Guatemala to Nicaragua

After 10 days in El Paredon we were ready to go and so were our new Hungarian friends,  Viki and Balazs. We packed up and hit the road for El Salvador, and the mushy beginner friendly point break in El Tunco. The Guatemala-El Salvador border is the worst border crossing I have experienced on the Pan American. It’s also one of the few times I’ve feared for the safety of my companions and myself. The border line was chaos, with trucks parked three abreast leaving no space for traffic coming the other way or for us to pass as we normally do. Getting through was a duck and weave ordeal, squeezing through on the shoulder or in any gap I could find between semis. People were screaming directions at me in Spanish which I mostly didn’t understand. Squeezed between two trucks, the left one passed so close it ripped off my passenger side mirror. All of this was intense but not particularly dangerous. Shortly after losing my mirror though, I was waiting for a window to go again when the door to the semi next to me opened and the driver jumped out armed with a machete. Close behind him was the driver ahead with a steel pipe. Soon there was a small gang of truckers gathered behind our camper screaming and waving various hand weapons at each other. Jessa saw a man attacking another guys truck with a machete. All of this was brought about by one trucker rear ending another. Apparently this is how such disputes are settled in Guatemala. A concerned looking local man told us in broken english to get in our car and lock the doors which we would have gladly done, but for the fact that we were one person short. Viki was not with us. Jessa and I stayed in the car and Balazs went to look for Viki, but he came back empty handed. Eventually traffic moved and we had little choice but to flow forward. We were all worried as the stress of getting through the boarder line was quickly eclipsed by concern for the well being of our friend. I’m not sure how long it took, but eventually we made it almost to the front of the line. There was Viki, waiting patiently for us to get there. We all breathed a sigh of relief. After an understandable heated discourse in Hungarian things returned to normal and we passed through the border smoothly. We cranked up some Odesza and cruised the beautiful Africa like El Salvadorian country side.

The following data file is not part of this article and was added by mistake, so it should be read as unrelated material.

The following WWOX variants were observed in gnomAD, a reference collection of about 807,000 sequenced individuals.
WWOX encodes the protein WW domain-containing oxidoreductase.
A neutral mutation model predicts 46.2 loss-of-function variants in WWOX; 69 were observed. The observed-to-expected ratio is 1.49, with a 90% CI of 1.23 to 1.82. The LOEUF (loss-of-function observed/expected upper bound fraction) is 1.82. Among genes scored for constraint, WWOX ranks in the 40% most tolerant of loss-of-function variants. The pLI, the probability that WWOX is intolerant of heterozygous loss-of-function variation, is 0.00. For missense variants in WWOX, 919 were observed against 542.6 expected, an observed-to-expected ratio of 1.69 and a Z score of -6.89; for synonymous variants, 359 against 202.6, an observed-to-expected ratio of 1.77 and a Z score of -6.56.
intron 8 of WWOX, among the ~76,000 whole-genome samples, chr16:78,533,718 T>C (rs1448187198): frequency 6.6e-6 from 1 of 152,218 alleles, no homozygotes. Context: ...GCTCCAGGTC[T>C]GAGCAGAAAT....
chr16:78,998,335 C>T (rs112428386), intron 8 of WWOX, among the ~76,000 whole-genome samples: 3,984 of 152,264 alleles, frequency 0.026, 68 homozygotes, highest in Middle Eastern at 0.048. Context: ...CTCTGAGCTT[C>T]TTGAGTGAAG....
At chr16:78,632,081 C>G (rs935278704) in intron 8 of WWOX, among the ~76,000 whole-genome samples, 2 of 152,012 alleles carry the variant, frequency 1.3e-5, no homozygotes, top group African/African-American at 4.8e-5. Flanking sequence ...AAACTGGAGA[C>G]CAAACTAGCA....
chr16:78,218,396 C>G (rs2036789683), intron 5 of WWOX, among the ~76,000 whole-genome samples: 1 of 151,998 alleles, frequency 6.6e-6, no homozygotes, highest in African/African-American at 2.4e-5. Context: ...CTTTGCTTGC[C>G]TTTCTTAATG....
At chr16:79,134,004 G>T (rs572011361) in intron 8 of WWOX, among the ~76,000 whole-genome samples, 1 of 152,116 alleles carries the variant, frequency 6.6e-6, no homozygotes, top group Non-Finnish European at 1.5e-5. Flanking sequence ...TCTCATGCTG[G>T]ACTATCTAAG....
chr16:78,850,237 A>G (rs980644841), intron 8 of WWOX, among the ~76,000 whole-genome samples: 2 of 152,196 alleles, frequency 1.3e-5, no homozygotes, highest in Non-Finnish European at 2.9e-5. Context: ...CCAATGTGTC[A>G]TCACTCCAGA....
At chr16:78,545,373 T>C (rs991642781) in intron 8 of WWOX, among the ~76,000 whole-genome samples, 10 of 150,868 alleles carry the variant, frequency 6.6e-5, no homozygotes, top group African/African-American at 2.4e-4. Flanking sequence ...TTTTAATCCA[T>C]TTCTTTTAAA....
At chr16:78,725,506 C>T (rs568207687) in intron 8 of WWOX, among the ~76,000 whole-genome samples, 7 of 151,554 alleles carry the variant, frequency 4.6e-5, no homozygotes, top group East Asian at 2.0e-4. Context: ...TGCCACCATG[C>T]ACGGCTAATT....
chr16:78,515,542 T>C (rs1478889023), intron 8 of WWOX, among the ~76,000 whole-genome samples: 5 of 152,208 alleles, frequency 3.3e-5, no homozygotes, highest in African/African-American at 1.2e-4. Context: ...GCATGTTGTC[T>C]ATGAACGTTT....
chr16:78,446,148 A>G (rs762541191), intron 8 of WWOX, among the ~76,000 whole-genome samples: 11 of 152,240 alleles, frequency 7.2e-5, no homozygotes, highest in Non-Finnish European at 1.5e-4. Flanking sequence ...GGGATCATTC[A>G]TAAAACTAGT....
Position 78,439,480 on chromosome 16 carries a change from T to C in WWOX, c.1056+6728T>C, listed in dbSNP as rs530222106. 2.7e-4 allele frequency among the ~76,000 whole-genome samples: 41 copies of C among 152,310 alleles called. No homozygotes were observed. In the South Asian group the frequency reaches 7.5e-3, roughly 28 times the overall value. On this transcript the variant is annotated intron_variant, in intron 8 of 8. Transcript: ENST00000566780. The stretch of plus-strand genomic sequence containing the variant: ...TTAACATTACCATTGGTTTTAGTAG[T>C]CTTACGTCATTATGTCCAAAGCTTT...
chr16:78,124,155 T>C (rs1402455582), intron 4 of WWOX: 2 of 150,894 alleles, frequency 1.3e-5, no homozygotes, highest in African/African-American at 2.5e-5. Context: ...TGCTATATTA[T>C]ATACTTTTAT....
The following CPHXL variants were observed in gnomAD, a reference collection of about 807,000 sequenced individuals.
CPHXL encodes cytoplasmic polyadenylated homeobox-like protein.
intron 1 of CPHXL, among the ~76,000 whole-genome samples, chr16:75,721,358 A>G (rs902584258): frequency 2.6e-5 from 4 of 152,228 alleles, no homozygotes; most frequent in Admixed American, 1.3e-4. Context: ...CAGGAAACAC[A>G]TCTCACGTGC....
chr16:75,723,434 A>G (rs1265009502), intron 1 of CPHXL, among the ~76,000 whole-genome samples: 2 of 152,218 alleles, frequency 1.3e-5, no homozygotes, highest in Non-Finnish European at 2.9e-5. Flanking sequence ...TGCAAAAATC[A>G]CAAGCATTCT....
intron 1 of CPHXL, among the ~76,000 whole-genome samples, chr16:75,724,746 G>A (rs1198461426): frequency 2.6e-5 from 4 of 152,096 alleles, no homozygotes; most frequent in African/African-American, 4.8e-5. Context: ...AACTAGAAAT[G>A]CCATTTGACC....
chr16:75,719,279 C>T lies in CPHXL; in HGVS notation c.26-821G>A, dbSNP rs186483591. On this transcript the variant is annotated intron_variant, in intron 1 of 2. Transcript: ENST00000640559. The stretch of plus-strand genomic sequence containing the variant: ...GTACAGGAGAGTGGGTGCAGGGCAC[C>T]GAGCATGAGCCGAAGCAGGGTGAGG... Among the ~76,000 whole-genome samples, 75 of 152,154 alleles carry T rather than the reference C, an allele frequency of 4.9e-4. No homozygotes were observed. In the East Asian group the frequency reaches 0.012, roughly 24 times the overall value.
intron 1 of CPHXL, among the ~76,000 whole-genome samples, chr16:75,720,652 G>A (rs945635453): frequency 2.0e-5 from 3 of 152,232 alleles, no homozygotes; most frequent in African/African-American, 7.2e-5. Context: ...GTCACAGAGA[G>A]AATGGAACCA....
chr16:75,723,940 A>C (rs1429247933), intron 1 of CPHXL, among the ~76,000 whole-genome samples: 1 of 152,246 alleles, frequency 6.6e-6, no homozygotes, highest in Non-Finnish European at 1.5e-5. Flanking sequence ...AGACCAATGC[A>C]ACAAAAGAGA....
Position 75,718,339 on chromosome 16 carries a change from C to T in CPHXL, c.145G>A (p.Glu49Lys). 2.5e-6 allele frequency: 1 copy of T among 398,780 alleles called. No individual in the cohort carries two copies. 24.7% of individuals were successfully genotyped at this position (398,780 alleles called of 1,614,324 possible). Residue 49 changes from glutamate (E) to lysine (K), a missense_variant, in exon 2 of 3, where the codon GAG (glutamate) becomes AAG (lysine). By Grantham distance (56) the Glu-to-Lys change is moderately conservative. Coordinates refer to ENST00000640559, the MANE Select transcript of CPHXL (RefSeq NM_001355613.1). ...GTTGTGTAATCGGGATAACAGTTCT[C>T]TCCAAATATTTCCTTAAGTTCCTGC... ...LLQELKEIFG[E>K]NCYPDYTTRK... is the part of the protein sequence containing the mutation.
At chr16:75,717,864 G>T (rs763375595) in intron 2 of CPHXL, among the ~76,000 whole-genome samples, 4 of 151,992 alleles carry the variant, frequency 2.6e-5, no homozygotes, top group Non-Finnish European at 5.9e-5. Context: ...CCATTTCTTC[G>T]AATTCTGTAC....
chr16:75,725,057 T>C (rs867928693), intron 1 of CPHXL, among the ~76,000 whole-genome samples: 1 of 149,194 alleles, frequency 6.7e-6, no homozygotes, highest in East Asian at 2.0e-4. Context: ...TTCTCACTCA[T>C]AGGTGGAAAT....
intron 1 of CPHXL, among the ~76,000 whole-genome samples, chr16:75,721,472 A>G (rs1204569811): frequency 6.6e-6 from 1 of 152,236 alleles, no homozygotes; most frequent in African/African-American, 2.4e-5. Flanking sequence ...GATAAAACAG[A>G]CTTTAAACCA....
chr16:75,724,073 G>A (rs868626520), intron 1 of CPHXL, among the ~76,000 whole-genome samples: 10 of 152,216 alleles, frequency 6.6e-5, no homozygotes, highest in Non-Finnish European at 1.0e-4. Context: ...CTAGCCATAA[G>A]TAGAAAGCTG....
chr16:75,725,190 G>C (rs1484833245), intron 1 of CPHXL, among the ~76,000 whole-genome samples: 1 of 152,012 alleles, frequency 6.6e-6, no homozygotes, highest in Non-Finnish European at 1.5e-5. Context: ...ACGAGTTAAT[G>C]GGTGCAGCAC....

We arrived in El Tunco just as dark fell and got set up at Hostel Mopelia. It features what might be the best beer selection in Central America. In the water the next day, we got all but skunked at the overcrowded break. It was discouraging, but not ready to give up Balazs and I changed our approach and started surfing outside of peak times. We’d get in the water a first light and surf for an hour before the spot became a zoo, then we’d brave the sun and sweltering heat of mid-day. All the better if it was a bit blown out. With thinned out crowds we were able to get on waves and progress. By the end we could even come out at peak time and squeeze a wave of two in between the local shredders. The girls progressed too after getting some excellent lessons from a local surfer.